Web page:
HOLLAND – The beer section in your local grocery store is a radically different place than it was a few years ago. The boom in popularity of craft beers has changed a lot of things – including the technology required to get your favorite microbrew from the brewery to your glass.
Consider what it takes for those beverages to get to store shelves. The MVP of that journey is the beer distributor: They research the options in a growing universe of beers, buy a selection of beverages from breweries, sell those beverages to retailers and restaurants, help educate retailers on prices and promotions, and are tasked with optimizing and replenishing each store to meet the changing tastes and demands of customers.
Not too long ago, a typical beer distributor would have 300 to 400 types of beer on offer. These days, a beer distributor may have 1,500 to 2,000 types of beer, due in large part to all the different craft brews. Not only are there more breweries making beer, each brewery often makes several kinds of beer, including seasonal brews and limited-run varieties that may be in high demand for short periods of time.
As a result, the big buzzword in the distribution industry is SKU (stock-keeping unit) proliferation — which essentially means a significant increase in the number of products they must offer. And along with this beer boom, distributors have had to adapt to new consumer behaviors.
Namely: As craft beers have grown in popularity, consumers have become less brand-loyal. While certain areas or customers used to be a Miller or Coors or Anheuser-Busch loyalists, today’s consumers are actively exploring their new world of options. For a distributor, that means buying trends are far less predictable.
In the distribution warehouse, this has had a transformative effect on critical processes. With so many new SKUs on the scene – and capricious customer behavior on the rise — managing inventory can be a complex puzzle. If a distributor stocks too much of a product, it can go out of vogue or even spoil before making it to store shelves. If a distributor doesn’t carry enough of a product, they can miss big-time sales opportunities. Optimizing inventory requires a delicate balance, and distributors need to get it just right in order to avoid losing money.
These factors have created a fast-moving, fast-changing market in which technology is increasingly important for a distributor’s success. For example, there are a lot more mobile sales forces and delivery teams. In order for a distribution company to remain competitive, they must keep them connected, keep them informed, and ensure they have access to real-time information to make good decisions wherever they may be.
Technology has also become an essential part of the warehouse environment. Along with robust inventory-management software, modern distributors use voice-enabled picking tools in the warehouse and systems that optimize the mix of products for delivery. And of course, all this real-time inventory data is visible to sales and delivery teams on their mobile devices, giving them accurate insights and updates on the road.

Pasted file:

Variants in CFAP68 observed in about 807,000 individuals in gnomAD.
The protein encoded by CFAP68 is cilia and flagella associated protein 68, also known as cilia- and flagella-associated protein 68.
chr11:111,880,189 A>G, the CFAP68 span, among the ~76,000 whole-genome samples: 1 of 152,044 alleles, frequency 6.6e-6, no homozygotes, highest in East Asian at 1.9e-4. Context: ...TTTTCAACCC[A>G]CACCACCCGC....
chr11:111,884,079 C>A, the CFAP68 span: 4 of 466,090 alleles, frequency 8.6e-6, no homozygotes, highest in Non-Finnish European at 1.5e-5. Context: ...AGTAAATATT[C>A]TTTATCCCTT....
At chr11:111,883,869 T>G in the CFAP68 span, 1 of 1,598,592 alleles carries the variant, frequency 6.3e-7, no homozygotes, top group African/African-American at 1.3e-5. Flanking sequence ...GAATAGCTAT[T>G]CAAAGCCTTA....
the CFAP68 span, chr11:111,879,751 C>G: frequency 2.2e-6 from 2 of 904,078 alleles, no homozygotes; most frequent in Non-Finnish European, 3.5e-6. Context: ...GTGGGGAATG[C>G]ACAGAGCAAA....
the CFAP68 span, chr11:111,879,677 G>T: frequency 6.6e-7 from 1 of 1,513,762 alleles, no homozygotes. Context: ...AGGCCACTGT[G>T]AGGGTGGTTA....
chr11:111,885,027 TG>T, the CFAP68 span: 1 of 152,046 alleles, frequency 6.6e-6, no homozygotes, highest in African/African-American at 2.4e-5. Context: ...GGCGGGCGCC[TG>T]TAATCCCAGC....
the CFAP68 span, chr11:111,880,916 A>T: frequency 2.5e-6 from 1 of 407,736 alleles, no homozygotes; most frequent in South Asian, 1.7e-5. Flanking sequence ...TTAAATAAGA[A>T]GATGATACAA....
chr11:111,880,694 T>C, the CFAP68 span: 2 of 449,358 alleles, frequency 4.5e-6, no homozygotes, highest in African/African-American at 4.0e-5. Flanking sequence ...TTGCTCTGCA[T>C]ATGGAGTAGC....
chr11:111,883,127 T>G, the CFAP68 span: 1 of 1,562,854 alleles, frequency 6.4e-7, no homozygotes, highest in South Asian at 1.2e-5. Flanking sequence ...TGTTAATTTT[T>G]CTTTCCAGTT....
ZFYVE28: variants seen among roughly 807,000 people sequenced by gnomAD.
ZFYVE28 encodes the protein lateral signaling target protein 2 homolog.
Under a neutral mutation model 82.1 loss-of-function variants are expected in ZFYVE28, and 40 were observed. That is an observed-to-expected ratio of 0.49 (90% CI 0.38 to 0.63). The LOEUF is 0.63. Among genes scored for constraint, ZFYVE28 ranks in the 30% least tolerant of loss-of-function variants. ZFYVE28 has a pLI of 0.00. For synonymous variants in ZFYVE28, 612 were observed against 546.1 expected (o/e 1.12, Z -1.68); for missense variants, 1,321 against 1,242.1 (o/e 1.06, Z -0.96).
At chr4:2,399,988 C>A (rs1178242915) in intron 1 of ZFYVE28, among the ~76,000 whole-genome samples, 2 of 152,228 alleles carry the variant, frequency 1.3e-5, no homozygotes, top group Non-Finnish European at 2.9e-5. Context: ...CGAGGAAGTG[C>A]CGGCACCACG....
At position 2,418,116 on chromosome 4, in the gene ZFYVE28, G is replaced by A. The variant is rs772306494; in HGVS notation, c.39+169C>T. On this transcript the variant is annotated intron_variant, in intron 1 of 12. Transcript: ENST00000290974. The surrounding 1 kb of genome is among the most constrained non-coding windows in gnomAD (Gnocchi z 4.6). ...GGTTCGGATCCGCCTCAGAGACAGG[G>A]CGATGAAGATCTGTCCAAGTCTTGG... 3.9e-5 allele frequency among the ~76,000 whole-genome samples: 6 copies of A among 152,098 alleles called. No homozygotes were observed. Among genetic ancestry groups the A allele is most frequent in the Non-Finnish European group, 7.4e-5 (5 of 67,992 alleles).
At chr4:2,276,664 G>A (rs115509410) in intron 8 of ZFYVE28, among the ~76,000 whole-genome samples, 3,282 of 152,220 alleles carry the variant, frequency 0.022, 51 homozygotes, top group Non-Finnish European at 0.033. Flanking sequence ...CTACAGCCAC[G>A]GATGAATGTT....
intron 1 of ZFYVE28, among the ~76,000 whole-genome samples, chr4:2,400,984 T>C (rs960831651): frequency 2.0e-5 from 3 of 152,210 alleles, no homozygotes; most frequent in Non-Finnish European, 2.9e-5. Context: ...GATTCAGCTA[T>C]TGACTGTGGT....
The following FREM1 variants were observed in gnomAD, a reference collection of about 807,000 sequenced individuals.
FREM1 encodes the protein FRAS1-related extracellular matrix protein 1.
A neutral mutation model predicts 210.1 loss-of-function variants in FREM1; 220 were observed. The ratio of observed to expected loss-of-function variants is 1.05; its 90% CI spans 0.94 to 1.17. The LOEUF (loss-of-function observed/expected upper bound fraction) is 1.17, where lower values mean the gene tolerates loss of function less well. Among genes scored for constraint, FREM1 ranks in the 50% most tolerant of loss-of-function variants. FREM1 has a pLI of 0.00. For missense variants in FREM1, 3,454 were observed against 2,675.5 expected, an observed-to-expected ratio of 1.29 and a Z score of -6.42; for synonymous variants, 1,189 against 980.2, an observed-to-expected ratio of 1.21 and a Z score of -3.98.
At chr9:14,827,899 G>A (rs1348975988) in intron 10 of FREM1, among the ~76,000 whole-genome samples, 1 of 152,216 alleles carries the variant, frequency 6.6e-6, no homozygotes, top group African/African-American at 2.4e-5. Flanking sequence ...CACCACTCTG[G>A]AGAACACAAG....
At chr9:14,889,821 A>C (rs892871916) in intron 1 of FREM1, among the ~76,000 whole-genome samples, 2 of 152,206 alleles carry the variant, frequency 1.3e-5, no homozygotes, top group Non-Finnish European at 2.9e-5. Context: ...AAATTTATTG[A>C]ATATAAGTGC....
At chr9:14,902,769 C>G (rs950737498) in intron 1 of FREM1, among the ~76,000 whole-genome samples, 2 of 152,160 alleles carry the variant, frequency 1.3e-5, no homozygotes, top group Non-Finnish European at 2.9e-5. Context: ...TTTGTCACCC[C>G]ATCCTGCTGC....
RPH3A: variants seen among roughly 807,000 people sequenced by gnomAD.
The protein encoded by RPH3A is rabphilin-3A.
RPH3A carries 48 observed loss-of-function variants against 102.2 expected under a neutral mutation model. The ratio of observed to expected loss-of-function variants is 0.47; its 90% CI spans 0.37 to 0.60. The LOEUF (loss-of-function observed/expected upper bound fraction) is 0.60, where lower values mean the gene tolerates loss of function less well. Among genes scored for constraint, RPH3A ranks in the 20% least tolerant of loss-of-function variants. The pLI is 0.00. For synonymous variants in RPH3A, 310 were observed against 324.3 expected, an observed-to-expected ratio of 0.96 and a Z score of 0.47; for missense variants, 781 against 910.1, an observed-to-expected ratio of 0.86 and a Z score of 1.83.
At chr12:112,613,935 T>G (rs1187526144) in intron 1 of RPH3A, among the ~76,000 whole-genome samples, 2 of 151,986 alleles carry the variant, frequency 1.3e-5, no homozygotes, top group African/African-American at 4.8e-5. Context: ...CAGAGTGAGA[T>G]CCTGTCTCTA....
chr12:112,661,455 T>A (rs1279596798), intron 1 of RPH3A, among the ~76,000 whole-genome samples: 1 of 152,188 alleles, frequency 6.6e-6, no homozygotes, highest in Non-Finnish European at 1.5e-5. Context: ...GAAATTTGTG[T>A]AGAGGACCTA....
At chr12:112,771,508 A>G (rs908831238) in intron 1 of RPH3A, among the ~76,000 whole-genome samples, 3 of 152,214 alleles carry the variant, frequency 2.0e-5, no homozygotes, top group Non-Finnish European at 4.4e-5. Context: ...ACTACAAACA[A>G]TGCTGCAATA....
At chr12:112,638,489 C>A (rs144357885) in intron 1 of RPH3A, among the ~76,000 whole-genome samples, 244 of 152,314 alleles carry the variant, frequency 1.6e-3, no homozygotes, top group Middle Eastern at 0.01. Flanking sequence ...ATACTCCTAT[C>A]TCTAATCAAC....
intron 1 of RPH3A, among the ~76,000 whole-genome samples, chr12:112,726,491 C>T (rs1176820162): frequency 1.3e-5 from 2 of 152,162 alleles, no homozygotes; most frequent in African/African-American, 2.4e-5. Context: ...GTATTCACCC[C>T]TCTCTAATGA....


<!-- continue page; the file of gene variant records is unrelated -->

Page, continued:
But technology is just getting started. In the years to come, it will play an even bigger role in the distribution business. It may even transform the industry entirely.
Over the past decade, businesses have collected more “big data” that they have been able to use. Now, advancements in machine learning and artificial intelligence will help make sense of vast amounts of information, finding new patterns and insights that will help distributors put it into profitable action.
For example, instead of having to adapt to unpredictable sales patterns, AI can help distributors predict future consumer behavior. By analyzing the sales history of certain stores, they can predict the popularity of new products that match the tastes of area customers. And in the warehouse, industrial Internet of Things (IIoT) devices and applications will use synthetic smarts to optimize operations dynamically and instantly.
All of that adds up to an exciting future for distribution companies, who will be able to maximize their efforts like never before. Their employees will have powerful new tools at their disposal, allowing their businesses to thrive in the coming years. Each beer’s incredible journey from the brewery to the store to you is about to get more streamlined, sophisticated, and smart. Cheers!
This guest column was written by Paul Rutherford, president, Rutherford and Associates. Rutherford’s eoStar Route Accounting Software powers modern food and beverage wholesale and distribution organizations across North America. Developed by industry experts, the software combines state of the art forecasting technology and advanced inventory management tools for a fully integrated route management solution for direct store delivery (DSD). For more information, click on http://www.eostar.com/eostar/